The only way the people can stand up for themselves against owners is by banding together. Same for politics, same for the work place.

    We are called to speak for the weak, for the voiceless, for victims of our nation and for those it calls enemy.... --ML King "Beyond Vietnam"

    by Gooserock on Fri Aug 29, 2014 at 09:54:58 AM PDT

    •  A party and unions jointly prospered for ~40 years (4+ / 0-)
      Recommended by:
      elwior, jfdunphy, FarWestGirl, Dirtandiron

      It's not a coincidence that one period of Dem dominance (roughly mid-30's to mid-70's) since 1860 was also period of labor's ascendancy.  To this day, labor forms the backbone of Dem GOTV efforts.  Sadly, far too many Dems have sided w/ FIRE's $ over labor's shoe leather for far too long.

      Some men see things as they are and ask why. I dream of things that never were and ask why not?

      by RFK Lives on Fri Aug 29, 2014 at 10:44:16 AM PDT

      [ Parent ]

  •  A pro-union diary... (5+ / 0-)

    ...for Labor Day weekend! Sweet!

    "No matter how cynical I get, I just can't keep up." --Lily Tomlin

    by paulex on Fri Aug 29, 2014 at 10:28:44 AM PDT

  •  Support for Unions ought to be a big issue (3+ / 0-)
    Recommended by:
    jfdunphy, Eric Nelson, Dirtandiron

    in the 2016 Presidential campaign, particularly in the Democratic Primary.

    "We the People of the United States...." -U.S. Constitution

    by elwior on Fri Aug 29, 2014 at 10:56:30 AM PDT

  •  Meanwhile, the group UniteBlue (1+ / 0-)
    Recommended by:

    issued a list of seven important themes we should all be able to unite on and support.

    Labor law reform wasn't listed, although raising minimum wage was.

  •  I think Unions are going to be even more important (3+ / 0-)
    Recommended by:
    jfdunphy, FarWestGirl, Dirtandiron

    ...very soon.  As labor become more and more automated we can either go towards an economy where people have more leisure time or one in which the rich own the automated businesses and everyone else lives in squalor, because I don't think there is going to be enough work to go around.  Without unions, it's easy to see which way things will go.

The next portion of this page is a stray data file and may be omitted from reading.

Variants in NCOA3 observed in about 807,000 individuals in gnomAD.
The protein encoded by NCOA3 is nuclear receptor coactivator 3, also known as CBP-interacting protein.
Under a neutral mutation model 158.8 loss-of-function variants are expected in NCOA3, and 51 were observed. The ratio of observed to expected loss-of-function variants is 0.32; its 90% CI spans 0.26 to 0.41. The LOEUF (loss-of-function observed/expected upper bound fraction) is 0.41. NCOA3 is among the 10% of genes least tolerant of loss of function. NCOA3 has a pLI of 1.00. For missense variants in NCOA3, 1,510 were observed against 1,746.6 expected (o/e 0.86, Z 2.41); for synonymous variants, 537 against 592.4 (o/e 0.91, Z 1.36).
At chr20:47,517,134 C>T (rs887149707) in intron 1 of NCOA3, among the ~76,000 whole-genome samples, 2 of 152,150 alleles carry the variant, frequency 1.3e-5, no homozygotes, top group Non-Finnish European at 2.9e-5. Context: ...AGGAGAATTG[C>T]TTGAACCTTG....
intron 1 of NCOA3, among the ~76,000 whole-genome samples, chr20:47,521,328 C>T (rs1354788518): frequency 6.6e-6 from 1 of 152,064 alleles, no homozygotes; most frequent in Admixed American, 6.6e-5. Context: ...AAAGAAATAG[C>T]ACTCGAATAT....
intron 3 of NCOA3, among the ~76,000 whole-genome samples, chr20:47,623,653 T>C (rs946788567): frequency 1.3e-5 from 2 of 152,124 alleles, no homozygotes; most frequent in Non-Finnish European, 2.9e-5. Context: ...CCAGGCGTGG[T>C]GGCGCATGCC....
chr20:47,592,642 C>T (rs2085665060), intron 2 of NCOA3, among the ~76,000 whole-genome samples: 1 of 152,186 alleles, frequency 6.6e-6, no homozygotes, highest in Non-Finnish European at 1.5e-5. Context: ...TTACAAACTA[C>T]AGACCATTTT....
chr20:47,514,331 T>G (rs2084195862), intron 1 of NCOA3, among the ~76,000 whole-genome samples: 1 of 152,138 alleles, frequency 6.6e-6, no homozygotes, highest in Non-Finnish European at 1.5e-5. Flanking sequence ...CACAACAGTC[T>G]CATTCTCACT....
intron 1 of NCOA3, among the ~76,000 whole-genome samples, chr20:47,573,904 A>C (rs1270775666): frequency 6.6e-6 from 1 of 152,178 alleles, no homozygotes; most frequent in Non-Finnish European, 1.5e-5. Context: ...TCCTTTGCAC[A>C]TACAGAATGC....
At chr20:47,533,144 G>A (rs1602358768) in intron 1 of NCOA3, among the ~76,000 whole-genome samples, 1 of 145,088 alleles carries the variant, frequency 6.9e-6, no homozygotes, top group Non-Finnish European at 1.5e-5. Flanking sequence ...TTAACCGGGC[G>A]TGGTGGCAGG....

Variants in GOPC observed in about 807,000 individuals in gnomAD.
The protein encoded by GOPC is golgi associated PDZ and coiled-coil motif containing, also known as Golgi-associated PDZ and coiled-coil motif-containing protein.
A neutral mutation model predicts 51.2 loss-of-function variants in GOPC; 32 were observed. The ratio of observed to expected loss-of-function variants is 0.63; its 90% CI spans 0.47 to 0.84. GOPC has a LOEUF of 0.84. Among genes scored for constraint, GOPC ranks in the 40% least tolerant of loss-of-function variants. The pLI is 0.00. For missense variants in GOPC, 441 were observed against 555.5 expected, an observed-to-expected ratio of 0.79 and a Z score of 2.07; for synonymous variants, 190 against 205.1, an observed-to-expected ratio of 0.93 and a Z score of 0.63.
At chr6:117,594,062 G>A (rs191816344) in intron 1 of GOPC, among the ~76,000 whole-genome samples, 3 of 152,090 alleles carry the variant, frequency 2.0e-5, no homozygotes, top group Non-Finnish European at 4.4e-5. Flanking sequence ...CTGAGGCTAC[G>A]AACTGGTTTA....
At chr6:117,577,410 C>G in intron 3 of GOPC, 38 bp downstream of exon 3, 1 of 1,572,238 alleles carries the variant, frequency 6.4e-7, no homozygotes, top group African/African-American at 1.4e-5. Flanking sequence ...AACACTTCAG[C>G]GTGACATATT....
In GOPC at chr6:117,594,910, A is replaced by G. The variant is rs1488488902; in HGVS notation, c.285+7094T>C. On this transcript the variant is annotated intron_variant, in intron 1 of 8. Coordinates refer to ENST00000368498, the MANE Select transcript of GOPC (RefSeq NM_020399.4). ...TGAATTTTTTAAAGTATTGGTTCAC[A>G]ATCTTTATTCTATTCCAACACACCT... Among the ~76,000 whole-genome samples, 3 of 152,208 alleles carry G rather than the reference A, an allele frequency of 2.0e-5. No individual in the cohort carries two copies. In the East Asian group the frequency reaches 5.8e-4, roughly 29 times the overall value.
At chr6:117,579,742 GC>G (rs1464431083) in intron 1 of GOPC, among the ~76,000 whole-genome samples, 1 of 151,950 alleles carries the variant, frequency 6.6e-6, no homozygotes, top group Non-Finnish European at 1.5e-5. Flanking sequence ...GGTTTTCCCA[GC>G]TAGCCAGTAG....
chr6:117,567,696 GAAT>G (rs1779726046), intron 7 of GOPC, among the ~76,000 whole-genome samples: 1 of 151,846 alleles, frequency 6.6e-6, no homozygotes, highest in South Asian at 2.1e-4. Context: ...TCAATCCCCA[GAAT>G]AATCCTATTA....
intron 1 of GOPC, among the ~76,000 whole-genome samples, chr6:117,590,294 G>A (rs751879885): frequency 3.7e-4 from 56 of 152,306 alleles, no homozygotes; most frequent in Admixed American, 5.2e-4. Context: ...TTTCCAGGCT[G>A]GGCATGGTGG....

•  A Wal-Mart worker friend tells me (2+ / 0-)
    Recommended by:
    FarWestGirl, Dirtandiron

    that the megastore is scheduling some workers for 4 hour shifts where they are--which is a disaster financially for some of the workers. Abusive scheduling is used to squeeze out workers, too. And the store is not being upgraded, like others, taken to be a sign of eventual closing.

  •  Thank you (1+ / 0-)
    Recommended by:
    Eric Nelson

    I've been looking for a way to highlight the importance of unions in this whole fight between the 99% and the 1%.

    The government's track record on leveling the playing field between the lower middle class and the upper upper class has been spotty at best.

    Government does an okay job of protecting the poor and disabled, but once you have a job the government figures they're done with you.  That's precisely the point where the unions should step in.

    While I've not personally known any bosses who favored assault weapons and tanks when negotiating with employees, most of them do seem to have a similar mindset as the police in Ferguson.  And that's also why there should be strong unions.

    Bosses simply have too much power in this country, and it is often used capriciously.  Mitt Romney quite thoughtlessly destroyed the livelihoods of thousands of employees of the companies he looted, and he shouldn't have to become a second Mother Theresa in order for his employees to be guaranteed a decent life.  But the unions that were supposed to defend those workers were jokes, rendered impotent either by hostile state governments or by strikebreaking consultants hired specifically to make the unions go away.  And our government sits with its thumb up its bum and does nothing.

    Don't get me wrong.  When I was in short pants I thought unions came in two flavors: Communist fronts and Mafia fronts.  That still makes sense if you don't think about it.  (Here's a hint: if they don't seem corruptible, then they're Communists.)  I had to actually join a union in order to find out I was wrong about them.

  •  A Union Can Make A Difference (1+ / 0-)
    Recommended by:

    if and when it matters to, is owned by, its members.  The union is powerful just as long as it is a matter of high priority to its member workers.  It becomes dead weight, meat for manipulation, by the boss and the pols, when the only people it matters to are the AFL-CIO and political candidates looking for contributions.

    “A really efficient totalitarian state would be one in which the all-powerful executive of political bosses and their army of managers control a population of slaves who do not have to be coerced, because they love their servitude.” —Aldous Huxley

    by ActivistGuy on Fri Aug 29, 2014 at 03:32:26 PM PDT